Standing up for fair wages

by Policy Matters Ohio on April 15th, 2015
Screen Shot 2015-04-15 at 5.21.33 PM
Tax Day rallies around the country are calling attention to wage inequality and the need to raise the minimum wage. Rallies in some 200 cities are “the biggest ever mobilization” by organizers to raise the minimum wage, the Huffington Post reports. Low-wage workers rallying in Cleveland included adjunct professors — part-time college faculty members who have joined the “Fight for 15” movement. The educators, students, home-care workers and others demonstrated at Cleveland State University today (pictured right). Increasing the minimum wage would reduce inequality, keep workers out of poverty and help power our economy. Policy Matters Ohio research has found that Ohio’s largest job categories pay so little that many workers and their families are eligible for and need public assistance. (read more)

Brewer crying in its beer over losing discount for on-time tax payments

by Policy Matters Ohio on April 13th, 2015
beer 2
MillerCoors has a gripe about its taxes. Every year, the company saves $350,000 because, like other brewers, beer importers and wholesale dealers, it gets a 3 percent credit for paying its Ohio alcoholic beverage taxes about three weeks in advance of when they’re otherwise due. Yes, you read that right. Gov. Kasich has proposed eliminating that credit, and a similar discount for wine, as part of his tax plan. And that has MillerCoors concerned. The company objected to Kasich’s tax plan in testimony to the House Ways & Means Committee. Incredibly, if a beer permit holder doesn’t manage to qualify for the 3 percent credit by paying its tax by the 18th of the month, it can still qualify for a smaller discount if it pays the tax when it’s due, by the 10th of the following month. (read more)

A tax break to nowhere

by Policy Matters Ohio on April 10th, 2015
zach pic
Next week, a new version of the two-year state budget will be introduced in the Ohio House of Representatives. One of the many items worth watching: What happens to a new, $350 million-a-year tax break for business owners proposed by Gov. Kasich. It would wipe out the state income tax for owners of businesses with $2 million or less in annual receipts and who pay that tax on their companies’ profits (See our April 9 report here). Interestingly, some of Ohio’s major business associations, including the state chamber of commerce and the Ohio Manufacturers Association, have lined up against the Kasich tax plan, and voiced criticism of the new business tax break Companies might seek to organize their businesses into multiple entities to avoid exceeding the $2 million threshold, said Ernst & Young, which studied the plan at the initiation of the Coalition of the Ohio Metro Chambers of Commerce. (read more)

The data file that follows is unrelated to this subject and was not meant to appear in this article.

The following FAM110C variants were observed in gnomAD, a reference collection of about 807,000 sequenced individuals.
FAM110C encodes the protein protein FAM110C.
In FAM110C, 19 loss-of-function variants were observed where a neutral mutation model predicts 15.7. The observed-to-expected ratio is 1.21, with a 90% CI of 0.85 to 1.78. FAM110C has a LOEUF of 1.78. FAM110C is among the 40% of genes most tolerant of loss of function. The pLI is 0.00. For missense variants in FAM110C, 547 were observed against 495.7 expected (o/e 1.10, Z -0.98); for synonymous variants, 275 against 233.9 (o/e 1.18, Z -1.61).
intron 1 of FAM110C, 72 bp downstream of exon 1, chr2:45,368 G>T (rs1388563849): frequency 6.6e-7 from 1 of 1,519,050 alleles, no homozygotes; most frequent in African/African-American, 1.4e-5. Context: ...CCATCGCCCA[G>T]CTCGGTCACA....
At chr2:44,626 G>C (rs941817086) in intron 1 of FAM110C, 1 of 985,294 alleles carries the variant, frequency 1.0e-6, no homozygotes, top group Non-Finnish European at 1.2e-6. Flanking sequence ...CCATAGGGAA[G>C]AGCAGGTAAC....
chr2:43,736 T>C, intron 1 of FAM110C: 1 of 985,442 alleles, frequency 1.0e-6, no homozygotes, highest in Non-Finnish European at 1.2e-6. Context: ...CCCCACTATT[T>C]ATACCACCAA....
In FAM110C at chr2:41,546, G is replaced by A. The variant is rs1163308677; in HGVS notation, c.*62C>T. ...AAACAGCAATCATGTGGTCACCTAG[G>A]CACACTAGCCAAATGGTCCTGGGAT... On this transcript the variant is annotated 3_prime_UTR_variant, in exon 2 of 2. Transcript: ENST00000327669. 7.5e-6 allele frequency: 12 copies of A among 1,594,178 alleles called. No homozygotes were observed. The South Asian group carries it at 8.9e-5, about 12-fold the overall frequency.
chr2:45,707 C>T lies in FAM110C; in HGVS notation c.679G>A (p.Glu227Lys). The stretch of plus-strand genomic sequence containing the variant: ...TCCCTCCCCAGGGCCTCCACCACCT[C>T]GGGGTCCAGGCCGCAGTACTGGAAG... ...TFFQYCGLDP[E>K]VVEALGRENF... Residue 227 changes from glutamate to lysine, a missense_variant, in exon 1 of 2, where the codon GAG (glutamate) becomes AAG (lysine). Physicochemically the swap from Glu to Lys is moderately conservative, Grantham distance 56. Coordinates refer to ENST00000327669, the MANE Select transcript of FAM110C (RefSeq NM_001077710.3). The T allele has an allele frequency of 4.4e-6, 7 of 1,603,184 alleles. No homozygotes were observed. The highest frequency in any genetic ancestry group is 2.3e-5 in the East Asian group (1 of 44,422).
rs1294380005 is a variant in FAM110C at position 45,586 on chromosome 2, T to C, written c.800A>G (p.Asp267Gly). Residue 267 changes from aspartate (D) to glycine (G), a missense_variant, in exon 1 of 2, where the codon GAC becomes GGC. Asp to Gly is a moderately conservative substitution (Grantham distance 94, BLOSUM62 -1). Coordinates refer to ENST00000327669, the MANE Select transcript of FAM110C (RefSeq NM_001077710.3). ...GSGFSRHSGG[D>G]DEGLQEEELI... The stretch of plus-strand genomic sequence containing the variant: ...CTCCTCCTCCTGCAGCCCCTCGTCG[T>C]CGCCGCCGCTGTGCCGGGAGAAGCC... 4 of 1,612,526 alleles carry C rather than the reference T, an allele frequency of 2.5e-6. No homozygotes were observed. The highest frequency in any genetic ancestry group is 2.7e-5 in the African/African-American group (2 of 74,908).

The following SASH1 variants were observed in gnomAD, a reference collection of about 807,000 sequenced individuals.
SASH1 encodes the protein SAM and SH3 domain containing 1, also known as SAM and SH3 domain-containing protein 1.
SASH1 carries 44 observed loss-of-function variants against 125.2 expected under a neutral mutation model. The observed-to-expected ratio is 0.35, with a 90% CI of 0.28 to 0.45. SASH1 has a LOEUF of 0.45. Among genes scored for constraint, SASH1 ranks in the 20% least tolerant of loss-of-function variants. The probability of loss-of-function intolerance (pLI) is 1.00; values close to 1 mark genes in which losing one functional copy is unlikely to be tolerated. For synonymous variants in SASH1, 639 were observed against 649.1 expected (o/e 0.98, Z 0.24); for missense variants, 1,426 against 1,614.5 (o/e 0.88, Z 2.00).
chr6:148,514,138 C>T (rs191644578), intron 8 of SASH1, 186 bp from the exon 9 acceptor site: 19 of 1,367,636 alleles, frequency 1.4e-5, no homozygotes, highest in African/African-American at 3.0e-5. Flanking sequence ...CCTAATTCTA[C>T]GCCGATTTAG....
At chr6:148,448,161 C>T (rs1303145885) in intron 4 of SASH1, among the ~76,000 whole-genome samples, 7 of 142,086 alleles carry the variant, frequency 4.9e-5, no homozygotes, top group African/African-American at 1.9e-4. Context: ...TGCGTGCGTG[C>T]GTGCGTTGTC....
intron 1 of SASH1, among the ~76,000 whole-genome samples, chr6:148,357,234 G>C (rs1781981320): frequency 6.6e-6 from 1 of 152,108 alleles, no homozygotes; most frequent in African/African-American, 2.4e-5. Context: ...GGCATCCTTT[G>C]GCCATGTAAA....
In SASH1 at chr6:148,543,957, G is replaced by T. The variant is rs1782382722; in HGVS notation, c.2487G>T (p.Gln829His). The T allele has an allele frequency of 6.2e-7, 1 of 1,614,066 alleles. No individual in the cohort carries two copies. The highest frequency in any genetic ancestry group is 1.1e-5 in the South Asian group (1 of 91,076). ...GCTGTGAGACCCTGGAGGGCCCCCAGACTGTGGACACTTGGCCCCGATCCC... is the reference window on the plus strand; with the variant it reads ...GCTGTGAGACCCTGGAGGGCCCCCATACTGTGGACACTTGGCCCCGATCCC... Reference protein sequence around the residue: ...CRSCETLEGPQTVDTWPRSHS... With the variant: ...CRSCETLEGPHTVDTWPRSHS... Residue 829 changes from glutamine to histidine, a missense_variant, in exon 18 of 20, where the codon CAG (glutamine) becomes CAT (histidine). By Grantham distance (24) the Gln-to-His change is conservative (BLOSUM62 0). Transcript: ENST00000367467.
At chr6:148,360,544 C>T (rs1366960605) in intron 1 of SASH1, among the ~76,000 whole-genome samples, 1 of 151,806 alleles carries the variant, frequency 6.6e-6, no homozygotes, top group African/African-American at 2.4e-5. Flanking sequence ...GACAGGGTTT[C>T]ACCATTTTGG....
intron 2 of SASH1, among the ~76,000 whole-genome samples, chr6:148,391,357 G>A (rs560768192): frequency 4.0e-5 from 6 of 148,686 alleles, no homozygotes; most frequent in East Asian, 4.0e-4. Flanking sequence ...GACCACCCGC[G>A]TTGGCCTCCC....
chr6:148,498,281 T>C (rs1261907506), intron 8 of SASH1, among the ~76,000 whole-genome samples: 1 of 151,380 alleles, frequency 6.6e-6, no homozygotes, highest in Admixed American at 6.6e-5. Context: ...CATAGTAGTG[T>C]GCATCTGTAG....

A disconnect to economic opportunity

by Policy Matters Ohio on April 7th, 2015
Screen Shot 2015-04-06 at 3.30.12 PM
A majority of poor people and minorities now live in the suburbs—isolated from jobs, services and the transportation needed to access them—according a recent report from the Brookings Institution. The report, entitled “The Growing Distance Between People and Jobs in Metropolitan America,” also shows the Cleveland metropolitan area is the worst offender in the country when it comes to declining job density and longer commutes. Between 2000 and 2012, there was a 26.5 percent decline in the number of jobs in the Cleveland metro area near the typical resident. Dayton and Toledo metros are also on the top-ten offender list. Why does job proximity matter? Given Ohio’s sorry state of public transit, commuters are forced to rely on cars to get around, and cars are expensive—expensive to own and expensive to operate and maintain. (read more)

Ohio leads the trailing twelve

by Policy Matters Ohio on April 3rd, 2015
Hannah
The majority of states have added back the total number of jobs they lost to the 2007 recession. This is good news as we approach our sixth year of recovery. Unfortunately, Ohio isn’t among them. Ohio leads the twelve states that are yet to recover the total number of jobs lost to the 2007 recession. According to the most recent jobs data released by the Ohio Department of Job and Family Services, covering February 2015, the state is still off the mark by 0.6 percent, or a little more than 32,000 jobs. The nation as a whole has added back all the jobs lost and an additional 2.0 percent. That’s more than 2 million jobs. Much of Ohio’s tax and budget policy is based on the premise that lower taxes and less government spending generates faster job growth. (read more)